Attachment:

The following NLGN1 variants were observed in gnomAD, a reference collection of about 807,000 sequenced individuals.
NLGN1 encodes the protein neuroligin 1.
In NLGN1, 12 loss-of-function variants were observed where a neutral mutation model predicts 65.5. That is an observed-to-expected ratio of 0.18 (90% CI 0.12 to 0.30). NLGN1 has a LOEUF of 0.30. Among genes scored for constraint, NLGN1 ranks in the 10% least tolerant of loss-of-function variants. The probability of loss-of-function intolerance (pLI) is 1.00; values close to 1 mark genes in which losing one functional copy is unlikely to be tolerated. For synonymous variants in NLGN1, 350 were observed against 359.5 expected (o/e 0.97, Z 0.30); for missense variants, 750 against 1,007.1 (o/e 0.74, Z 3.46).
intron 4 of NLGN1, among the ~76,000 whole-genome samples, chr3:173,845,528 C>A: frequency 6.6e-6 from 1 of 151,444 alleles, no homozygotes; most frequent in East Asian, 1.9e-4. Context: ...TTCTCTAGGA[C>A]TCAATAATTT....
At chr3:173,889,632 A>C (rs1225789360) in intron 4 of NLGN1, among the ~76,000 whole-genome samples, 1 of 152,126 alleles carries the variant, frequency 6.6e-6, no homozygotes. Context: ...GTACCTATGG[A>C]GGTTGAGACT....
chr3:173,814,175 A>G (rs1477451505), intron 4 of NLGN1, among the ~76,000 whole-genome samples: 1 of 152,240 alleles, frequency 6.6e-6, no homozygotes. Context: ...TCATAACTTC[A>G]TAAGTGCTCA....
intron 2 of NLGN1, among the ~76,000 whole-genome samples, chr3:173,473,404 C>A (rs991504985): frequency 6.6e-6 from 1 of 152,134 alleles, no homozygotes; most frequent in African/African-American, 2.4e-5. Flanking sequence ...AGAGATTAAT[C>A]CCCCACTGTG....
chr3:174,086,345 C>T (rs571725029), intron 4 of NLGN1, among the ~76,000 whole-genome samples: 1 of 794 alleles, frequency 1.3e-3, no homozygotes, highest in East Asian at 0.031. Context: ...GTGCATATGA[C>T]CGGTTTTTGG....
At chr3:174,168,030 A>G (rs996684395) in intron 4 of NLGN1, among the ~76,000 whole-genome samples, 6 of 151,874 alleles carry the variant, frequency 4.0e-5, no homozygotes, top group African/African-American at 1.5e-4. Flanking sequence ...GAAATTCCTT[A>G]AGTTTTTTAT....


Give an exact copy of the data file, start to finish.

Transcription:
The following NLGN1 variants were observed in gnomAD, a reference collection of about 807,000 sequenced individuals.
NLGN1 encodes the protein neuroligin 1.
In NLGN1, 12 loss-of-function variants were observed where a neutral mutation model predicts 65.5. That is an observed-to-expected ratio of 0.18 (90% CI 0.12 to 0.30). NLGN1 has a LOEUF of 0.30. Among genes scored for constraint, NLGN1 ranks in the 10% least tolerant of loss-of-function variants. The probability of loss-of-function intolerance (pLI) is 1.00; values close to 1 mark genes in which losing one functional copy is unlikely to be tolerated. For synonymous variants in NLGN1, 350 were observed against 359.5 expected (o/e 0.97, Z 0.30); for missense variants, 750 against 1,007.1 (o/e 0.74, Z 3.46).
intron 4 of NLGN1, among the ~76,000 whole-genome samples, chr3:173,845,528 C>A: frequency 6.6e-6 from 1 of 151,444 alleles, no homozygotes; most frequent in East Asian, 1.9e-4. Context: ...TTCTCTAGGA[C>A]TCAATAATTT....
At chr3:173,889,632 A>C (rs1225789360) in intron 4 of NLGN1, among the ~76,000 whole-genome samples, 1 of 152,126 alleles carries the variant, frequency 6.6e-6, no homozygotes. Context: ...GTACCTATGG[A>C]GGTTGAGACT....
chr3:173,814,175 A>G (rs1477451505), intron 4 of NLGN1, among the ~76,000 whole-genome samples: 1 of 152,240 alleles, frequency 6.6e-6, no homozygotes. Context: ...TCATAACTTC[A>G]TAAGTGCTCA....
intron 2 of NLGN1, among the ~76,000 whole-genome samples, chr3:173,473,404 C>A (rs991504985): frequency 6.6e-6 from 1 of 152,134 alleles, no homozygotes; most frequent in African/African-American, 2.4e-5. Flanking sequence ...AGAGATTAAT[C>A]CCCCACTGTG....
chr3:174,086,345 C>T (rs571725029), intron 4 of NLGN1, among the ~76,000 whole-genome samples: 1 of 794 alleles, frequency 1.3e-3, no homozygotes, highest in East Asian at 0.031. Context: ...GTGCATATGA[C>T]CGGTTTTTGG....
At chr3:174,168,030 A>G (rs996684395) in intron 4 of NLGN1, among the ~76,000 whole-genome samples, 6 of 151,874 alleles carry the variant, frequency 4.0e-5, no homozygotes, top group African/African-American at 1.5e-4. Flanking sequence ...GAAATTCCTT[A>G]AGTTTTTTAT....